Fibroid: In some localities, aidan fruit is believed to reduce or shrink the fibroid, a non-cancerous growth of muscle and fibrous tissue in the womb. However, this claim has not been validated.

Antioxidant property: Aidan fruit contains phenolic compounds such as eugenol, quercetin, tyrosol, and catechin, and vitamins such as C, A that have antioxidant and radical scavenging activities. This helps in managing liver diseases, heart diseases, and neurodegenerative diseases.

Anticancer activity: Tetrapleura tetraptera is a potential cytotoxic agent, and contains compounds such as luteolin, naringenin, betulinic acid, 3-O-[6′-O-undecanoyl-β-D-glucopyranosyl]stigmasterol, olean-12-en-3-β-O-D-glucopyranoside, 3-O-β-D-glucopyranosyl-(1 → 6)-β-D-glucopyranosylurs-12-en-28-oic acid.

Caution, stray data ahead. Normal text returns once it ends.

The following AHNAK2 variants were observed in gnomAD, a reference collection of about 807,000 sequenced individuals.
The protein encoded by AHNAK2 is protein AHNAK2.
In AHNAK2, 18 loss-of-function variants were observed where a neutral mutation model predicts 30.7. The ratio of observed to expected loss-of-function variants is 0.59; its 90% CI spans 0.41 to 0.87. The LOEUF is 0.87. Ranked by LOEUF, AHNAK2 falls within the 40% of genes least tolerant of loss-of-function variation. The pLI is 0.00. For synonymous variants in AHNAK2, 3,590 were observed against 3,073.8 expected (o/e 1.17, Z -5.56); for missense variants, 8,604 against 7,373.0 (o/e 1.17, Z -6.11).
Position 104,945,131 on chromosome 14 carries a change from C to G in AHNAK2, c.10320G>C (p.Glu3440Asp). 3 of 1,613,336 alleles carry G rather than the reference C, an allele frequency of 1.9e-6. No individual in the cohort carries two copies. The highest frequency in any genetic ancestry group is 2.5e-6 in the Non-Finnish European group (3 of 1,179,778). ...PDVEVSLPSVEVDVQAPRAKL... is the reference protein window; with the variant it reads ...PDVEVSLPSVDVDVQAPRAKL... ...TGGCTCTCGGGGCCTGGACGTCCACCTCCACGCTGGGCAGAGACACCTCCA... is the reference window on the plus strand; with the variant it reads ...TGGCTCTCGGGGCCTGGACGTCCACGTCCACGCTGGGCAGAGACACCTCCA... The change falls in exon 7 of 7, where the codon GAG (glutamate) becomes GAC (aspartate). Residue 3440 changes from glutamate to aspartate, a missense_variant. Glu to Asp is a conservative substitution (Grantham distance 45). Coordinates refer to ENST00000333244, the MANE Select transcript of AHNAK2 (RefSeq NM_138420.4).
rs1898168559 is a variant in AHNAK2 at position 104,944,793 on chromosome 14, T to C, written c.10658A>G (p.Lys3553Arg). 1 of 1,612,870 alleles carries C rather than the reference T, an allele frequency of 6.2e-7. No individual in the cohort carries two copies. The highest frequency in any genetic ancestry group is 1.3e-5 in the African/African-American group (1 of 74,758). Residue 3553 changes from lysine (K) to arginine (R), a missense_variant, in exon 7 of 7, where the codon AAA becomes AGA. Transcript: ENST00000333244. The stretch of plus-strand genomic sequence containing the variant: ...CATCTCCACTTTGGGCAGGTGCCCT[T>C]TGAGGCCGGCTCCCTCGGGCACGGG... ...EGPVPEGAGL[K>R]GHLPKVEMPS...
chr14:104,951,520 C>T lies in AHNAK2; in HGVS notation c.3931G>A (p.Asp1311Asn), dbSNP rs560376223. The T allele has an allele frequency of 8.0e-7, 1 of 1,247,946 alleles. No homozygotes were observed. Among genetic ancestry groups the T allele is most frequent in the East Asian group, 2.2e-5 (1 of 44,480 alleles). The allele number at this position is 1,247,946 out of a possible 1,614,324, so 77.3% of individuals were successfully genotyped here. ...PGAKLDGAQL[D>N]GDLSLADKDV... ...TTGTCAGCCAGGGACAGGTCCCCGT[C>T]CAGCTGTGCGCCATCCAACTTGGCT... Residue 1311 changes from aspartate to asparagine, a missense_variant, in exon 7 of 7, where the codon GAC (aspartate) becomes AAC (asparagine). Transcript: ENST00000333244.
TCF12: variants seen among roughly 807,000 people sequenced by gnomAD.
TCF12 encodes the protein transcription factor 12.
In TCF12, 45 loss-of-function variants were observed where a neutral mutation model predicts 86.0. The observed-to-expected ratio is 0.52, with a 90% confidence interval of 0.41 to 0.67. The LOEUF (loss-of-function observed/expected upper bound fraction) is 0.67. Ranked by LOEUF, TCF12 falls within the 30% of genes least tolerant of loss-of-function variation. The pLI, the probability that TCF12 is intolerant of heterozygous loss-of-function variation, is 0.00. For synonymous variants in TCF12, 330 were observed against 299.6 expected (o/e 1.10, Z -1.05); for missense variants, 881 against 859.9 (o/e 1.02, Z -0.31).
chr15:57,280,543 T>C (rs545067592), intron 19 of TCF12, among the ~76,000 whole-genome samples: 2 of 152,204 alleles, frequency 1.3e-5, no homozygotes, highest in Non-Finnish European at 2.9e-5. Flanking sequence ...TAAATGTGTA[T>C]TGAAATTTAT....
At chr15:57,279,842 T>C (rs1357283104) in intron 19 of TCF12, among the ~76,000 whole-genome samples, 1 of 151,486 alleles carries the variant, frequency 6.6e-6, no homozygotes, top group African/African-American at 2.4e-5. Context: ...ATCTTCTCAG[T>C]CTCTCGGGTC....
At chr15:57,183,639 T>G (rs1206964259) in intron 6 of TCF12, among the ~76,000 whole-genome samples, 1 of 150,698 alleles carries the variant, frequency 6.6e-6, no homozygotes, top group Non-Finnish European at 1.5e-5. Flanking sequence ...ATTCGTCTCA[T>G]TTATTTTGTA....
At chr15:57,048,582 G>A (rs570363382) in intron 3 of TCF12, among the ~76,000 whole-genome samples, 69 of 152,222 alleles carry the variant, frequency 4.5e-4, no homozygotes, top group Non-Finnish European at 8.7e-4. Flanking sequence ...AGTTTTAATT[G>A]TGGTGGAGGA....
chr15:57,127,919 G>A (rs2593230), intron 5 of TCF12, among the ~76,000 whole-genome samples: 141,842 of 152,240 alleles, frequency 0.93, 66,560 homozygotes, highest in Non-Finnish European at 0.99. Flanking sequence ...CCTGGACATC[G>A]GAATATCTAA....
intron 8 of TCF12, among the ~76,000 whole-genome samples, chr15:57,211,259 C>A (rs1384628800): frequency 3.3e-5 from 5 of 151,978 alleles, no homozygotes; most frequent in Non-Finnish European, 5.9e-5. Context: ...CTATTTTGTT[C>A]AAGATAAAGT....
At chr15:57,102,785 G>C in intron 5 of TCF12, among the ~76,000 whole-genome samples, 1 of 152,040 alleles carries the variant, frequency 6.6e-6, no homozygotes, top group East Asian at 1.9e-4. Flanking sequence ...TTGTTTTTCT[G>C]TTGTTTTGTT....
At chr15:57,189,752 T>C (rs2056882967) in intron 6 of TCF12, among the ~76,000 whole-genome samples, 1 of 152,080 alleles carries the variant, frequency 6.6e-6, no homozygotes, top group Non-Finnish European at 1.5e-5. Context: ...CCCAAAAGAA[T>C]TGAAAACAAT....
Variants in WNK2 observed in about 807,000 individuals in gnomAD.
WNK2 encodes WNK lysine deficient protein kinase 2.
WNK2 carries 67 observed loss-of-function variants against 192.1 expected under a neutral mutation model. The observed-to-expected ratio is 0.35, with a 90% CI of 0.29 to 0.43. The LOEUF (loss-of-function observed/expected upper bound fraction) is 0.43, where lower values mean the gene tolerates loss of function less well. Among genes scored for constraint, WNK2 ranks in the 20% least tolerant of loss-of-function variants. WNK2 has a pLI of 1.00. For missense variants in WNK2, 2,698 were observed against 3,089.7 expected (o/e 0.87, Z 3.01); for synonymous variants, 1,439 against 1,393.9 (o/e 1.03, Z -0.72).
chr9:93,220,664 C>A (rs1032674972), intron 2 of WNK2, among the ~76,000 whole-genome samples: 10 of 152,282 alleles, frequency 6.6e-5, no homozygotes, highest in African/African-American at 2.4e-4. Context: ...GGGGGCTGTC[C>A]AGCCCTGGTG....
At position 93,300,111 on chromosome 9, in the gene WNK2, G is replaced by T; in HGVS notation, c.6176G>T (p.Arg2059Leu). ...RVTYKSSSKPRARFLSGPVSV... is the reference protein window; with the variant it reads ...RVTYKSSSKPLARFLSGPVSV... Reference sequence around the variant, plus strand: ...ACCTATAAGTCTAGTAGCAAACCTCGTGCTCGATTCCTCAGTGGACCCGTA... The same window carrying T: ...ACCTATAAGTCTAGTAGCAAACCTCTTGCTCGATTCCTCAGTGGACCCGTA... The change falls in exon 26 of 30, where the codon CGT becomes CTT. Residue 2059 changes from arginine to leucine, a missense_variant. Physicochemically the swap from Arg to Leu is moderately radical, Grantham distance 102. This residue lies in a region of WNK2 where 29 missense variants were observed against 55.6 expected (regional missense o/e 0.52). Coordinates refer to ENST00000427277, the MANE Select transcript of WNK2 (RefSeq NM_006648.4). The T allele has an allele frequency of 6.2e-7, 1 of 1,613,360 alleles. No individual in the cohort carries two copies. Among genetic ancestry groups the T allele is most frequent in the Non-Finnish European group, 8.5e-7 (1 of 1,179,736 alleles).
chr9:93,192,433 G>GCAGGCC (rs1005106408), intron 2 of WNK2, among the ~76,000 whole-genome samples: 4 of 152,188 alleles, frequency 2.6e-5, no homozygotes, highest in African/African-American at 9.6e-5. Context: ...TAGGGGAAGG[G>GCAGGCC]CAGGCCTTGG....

TTF induced apoptosis in CCRF-CEM cells through MMP alteration and increased ROS production.

Toxicity/Side Effects of Aidan Fruit (Tetrapleura tetraptera)

Tetrapleura tetraptera is safe even at oral dose of 5000 mg/kg of body weight. However, using high doses (> 1000 mg/kg), may cause potential alterations of renal function.

References:

  • http://apps.worldagroforestry.org/treedb/AFTPDFS/Tetrapleura_tetraptera.PDF
  • https://www.hindawi.com/journals/jchem/2020/1608341/
  • https://pubmed.ncbi.nlm.nih.gov/20162069/
  • https://europepmc.org/article/med/33253828
  • https://www.sciencedirect.com/science/article/pii/S2665944121000018
  • https://scialert.net/fulltext/?doi=jm.2006.416.422
  • https://www.hindawi.com/journals/tswj/2019/5236851/
  • https://www.semanticscholar.org/paper/NUTRITIONAL-AND-MEDICINAL-IMPORTANCE-OF-TETRAPLEURA-AkintolaO./c0d69af499f44bd3c0ad403df77cc85dce269724